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The financial transmission of housing bubbles: evidence from Spain

Author

Listed:
  • Alberto Martín

    () (Crei, universitat pompeu fabra and Barcelona GSE)

  • Enrique Moral-Benito

    () (Banco de España)

  • Tom Schmitz

    () (Bocconi university and IGIER)

Abstract

What are the effects of a housing bubble on the rest of the economy? We show that if firms and banks face collateral constraints, a housing bubble initially raises credit demand by housing firms while leaving credit supply unaffected. It therefore crowds out credit to non-housing firms. If time passes and the bubble lasts, however, housing firms eventually pay back their higher loans. This leads to an increase in banks’ net worth and thus to an expansion in their supply of credit to all firms: crowding-out gives way to crowding-in. These predictions are confirmed by empirical evidence from the recent Spanish housing bubble. In the early years of the bubble, non-housing firms reduced their credit from banks that were more exposed to the bubble, and firms that were more exposed to these banks had lower credit and output growth. In its last years, these effects were reversed.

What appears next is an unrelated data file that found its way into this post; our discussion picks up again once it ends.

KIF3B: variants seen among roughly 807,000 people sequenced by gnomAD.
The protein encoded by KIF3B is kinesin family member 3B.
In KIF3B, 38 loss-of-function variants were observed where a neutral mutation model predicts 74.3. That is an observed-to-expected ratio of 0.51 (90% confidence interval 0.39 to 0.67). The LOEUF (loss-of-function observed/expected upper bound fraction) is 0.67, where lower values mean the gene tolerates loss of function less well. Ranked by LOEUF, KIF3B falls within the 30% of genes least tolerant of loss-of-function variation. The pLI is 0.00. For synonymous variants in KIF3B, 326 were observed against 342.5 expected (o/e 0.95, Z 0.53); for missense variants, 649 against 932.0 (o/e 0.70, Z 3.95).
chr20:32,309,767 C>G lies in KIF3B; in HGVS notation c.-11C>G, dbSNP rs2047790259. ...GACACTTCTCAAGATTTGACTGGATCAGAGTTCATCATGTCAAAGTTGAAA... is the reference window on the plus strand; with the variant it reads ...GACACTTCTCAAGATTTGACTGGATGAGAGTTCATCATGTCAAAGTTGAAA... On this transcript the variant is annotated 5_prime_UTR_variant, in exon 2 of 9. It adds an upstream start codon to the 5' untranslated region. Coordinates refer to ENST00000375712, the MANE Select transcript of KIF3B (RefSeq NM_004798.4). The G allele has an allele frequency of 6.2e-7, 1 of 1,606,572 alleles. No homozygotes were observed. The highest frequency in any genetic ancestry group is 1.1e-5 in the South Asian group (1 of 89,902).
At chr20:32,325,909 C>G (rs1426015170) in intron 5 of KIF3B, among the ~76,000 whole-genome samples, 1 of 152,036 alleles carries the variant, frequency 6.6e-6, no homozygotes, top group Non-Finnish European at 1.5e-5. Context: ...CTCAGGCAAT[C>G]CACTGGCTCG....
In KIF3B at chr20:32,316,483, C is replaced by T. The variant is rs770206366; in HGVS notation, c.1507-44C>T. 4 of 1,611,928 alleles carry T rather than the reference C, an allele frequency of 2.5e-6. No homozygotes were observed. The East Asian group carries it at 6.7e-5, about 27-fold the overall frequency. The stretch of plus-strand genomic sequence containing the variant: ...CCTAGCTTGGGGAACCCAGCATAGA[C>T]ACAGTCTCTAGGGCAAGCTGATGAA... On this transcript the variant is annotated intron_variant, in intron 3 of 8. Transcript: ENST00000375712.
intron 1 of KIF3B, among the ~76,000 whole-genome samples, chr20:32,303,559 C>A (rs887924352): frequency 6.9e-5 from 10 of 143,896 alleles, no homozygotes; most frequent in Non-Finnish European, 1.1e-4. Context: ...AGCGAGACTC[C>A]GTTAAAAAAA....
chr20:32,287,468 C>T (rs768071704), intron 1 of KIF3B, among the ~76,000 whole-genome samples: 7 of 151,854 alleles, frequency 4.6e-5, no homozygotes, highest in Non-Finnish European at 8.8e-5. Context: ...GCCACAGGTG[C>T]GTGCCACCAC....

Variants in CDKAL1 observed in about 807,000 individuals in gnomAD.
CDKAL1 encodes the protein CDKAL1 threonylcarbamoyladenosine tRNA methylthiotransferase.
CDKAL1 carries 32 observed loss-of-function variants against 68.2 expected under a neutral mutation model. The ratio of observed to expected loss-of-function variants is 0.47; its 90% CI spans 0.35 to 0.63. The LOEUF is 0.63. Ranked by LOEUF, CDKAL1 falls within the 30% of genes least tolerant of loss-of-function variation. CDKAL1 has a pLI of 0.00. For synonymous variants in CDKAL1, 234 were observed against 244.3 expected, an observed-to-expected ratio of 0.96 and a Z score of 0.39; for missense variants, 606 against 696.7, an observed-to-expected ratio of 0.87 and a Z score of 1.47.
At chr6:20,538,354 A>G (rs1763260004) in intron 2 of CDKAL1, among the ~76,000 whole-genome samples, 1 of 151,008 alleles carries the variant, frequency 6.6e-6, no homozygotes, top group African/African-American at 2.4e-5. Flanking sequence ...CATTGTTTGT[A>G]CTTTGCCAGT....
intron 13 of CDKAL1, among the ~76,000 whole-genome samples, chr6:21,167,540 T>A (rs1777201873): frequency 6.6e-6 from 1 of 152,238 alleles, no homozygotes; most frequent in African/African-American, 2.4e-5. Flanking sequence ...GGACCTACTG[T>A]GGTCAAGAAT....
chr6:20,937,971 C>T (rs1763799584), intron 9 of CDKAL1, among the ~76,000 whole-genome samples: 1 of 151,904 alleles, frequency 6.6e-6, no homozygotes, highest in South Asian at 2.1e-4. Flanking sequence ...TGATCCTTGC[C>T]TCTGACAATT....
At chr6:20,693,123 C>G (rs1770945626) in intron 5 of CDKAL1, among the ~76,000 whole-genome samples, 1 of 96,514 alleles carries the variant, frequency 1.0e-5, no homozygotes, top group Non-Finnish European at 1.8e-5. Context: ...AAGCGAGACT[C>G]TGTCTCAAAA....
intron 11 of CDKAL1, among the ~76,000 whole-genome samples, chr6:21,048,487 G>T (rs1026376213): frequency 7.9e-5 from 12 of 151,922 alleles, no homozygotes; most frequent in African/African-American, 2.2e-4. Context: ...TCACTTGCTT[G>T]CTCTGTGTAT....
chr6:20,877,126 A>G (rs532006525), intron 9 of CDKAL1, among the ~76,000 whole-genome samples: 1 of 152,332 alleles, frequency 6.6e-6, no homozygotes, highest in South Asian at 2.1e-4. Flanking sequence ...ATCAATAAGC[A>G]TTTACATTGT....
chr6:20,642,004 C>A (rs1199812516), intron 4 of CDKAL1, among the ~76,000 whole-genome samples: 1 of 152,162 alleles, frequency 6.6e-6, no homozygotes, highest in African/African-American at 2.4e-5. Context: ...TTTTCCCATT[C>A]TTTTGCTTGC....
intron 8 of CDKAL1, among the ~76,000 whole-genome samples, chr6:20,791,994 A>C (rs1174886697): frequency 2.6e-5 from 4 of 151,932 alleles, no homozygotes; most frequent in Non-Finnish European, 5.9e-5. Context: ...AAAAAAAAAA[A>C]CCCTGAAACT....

Suggested Citation

  • Alberto Martín & Enrique Moral-Benito & Tom Schmitz, 2018. "The financial transmission of housing bubbles: evidence from Spain," Working Papers 1823, Banco de España;Working Papers Homepage.
  • Handle: RePEc:bde:wpaper:1823
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    References listed on IDEAS

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      Keywords

      housing bubble; credit; investment; financial frictions; financial transmission; Spain;

      JEL classification:

      • E32 - Macroeconomics and Monetary Economics - - Prices, Business Fluctuations, and Cycles - - - Business Fluctuations; Cycles
      • E44 - Macroeconomics and Monetary Economics - - Money and Interest Rates - - - Financial Markets and the Macroeconomy
      • G21 - Financial Economics - - Financial Institutions and Services - - - Banks; Other Depository Institutions; Micro Finance Institutions; Mortgages

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